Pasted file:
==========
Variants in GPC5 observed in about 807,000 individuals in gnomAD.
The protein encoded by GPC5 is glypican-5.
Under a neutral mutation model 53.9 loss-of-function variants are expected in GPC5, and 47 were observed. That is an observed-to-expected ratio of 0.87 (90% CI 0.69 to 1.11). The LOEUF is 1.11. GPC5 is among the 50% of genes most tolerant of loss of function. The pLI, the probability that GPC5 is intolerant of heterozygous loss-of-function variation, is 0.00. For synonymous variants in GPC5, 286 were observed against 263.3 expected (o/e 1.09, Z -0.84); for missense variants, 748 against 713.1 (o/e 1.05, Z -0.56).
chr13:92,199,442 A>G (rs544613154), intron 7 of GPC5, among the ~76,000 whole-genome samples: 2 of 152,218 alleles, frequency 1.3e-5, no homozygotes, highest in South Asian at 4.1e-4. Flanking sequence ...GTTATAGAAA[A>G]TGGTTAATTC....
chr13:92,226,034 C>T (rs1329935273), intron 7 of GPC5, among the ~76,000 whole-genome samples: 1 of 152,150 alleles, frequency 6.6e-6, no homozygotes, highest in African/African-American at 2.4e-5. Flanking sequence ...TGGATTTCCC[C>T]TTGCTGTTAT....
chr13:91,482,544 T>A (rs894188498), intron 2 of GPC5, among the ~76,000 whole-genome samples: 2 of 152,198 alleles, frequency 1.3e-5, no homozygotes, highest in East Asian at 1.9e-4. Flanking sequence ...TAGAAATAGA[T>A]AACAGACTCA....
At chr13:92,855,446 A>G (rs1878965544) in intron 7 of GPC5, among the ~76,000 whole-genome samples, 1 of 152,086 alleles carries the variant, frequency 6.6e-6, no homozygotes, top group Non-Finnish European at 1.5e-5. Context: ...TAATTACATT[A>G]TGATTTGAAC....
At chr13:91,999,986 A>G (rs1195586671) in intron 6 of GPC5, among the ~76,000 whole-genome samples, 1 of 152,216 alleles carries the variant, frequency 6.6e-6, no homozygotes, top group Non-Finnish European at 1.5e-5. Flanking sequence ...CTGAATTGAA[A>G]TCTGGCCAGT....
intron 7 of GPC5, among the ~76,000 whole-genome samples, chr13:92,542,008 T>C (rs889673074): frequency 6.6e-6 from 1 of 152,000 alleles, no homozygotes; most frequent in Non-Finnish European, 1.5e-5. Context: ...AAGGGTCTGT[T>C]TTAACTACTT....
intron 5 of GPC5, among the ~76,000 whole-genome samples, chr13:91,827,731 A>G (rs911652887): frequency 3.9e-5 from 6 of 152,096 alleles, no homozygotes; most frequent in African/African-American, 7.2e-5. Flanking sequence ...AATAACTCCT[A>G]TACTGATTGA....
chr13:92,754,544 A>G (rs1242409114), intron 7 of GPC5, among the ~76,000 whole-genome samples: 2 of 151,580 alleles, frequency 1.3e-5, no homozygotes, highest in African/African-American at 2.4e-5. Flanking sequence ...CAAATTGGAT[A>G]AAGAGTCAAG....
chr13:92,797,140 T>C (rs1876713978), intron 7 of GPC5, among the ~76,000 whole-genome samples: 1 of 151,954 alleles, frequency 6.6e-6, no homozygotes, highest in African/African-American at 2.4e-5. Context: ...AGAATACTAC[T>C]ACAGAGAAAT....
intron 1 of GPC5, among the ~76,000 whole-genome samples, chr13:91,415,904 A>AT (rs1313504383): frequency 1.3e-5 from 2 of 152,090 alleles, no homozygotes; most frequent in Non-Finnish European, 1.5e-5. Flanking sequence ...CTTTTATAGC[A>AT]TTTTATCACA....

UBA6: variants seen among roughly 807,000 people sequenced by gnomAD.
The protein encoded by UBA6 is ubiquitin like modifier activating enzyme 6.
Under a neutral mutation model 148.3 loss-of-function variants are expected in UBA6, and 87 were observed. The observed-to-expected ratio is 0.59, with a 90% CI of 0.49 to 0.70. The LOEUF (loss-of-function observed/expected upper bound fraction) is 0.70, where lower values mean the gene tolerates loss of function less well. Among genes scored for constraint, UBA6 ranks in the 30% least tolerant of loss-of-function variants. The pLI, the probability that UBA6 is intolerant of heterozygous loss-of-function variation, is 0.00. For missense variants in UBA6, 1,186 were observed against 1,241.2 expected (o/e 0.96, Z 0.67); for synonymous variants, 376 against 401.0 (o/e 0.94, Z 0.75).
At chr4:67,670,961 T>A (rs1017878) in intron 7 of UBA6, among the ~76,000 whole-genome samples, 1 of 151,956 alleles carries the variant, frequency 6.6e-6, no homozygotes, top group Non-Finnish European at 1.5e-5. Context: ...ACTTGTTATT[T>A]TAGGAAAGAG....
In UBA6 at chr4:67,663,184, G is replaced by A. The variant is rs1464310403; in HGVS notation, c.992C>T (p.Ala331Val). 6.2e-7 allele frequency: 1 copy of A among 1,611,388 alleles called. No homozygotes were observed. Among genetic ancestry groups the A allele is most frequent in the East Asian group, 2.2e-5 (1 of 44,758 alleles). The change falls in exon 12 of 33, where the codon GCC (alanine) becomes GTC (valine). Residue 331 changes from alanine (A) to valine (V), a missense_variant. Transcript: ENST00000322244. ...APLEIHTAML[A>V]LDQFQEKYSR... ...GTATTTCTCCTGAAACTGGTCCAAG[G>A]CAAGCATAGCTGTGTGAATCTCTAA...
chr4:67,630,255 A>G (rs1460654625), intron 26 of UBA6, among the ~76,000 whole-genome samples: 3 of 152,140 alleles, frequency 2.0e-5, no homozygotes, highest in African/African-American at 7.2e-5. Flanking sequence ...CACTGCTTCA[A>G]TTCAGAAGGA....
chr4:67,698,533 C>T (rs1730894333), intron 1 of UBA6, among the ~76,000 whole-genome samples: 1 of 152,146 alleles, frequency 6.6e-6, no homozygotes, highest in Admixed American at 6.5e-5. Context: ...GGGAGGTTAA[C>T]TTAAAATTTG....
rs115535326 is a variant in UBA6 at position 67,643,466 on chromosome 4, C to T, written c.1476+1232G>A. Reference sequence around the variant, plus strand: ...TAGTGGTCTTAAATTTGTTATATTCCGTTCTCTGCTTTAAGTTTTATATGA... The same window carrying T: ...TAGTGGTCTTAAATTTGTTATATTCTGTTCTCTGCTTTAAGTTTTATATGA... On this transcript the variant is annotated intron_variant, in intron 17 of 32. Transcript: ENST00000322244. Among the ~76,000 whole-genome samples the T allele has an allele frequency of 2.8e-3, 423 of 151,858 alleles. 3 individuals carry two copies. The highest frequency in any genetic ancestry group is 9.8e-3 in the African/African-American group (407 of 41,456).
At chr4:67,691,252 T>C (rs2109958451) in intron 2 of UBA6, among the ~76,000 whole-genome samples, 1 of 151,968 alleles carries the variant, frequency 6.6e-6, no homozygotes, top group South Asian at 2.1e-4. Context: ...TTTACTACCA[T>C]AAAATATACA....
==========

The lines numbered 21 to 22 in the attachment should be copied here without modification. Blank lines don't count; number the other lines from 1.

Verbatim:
rs115535326 is a variant in UBA6 at position 67,643,466 on chromosome 4, C to T, written c.1476+1232G>A. Reference sequence around the variant, plus strand: ...TAGTGGTCTTAAATTTGTTATATTCCGTTCTCTGCTTTAAGTTTTATATGA... The same window carrying T: ...TAGTGGTCTTAAATTTGTTATATTCTGTTCTCTGCTTTAAGTTTTATATGA... On this transcript the variant is annotated intron_variant, in intron 17 of 32. Transcript: ENST00000322244. Among the ~76,000 whole-genome samples the T allele has an allele frequency of 2.8e-3, 423 of 151,858 alleles. 3 individuals carry two copies. The highest frequency in any genetic ancestry group is 9.8e-3 in the African/African-American group (407 of 41,456).
At chr4:67,691,252 T>C (rs2109958451) in intron 2 of UBA6, among the ~76,000 whole-genome samples, 1 of 151,968 alleles carries the variant, frequency 6.6e-6, no homozygotes, top group South Asian at 2.1e-4. Context: ...TTTACTACCA[T>C]AAAATATACA....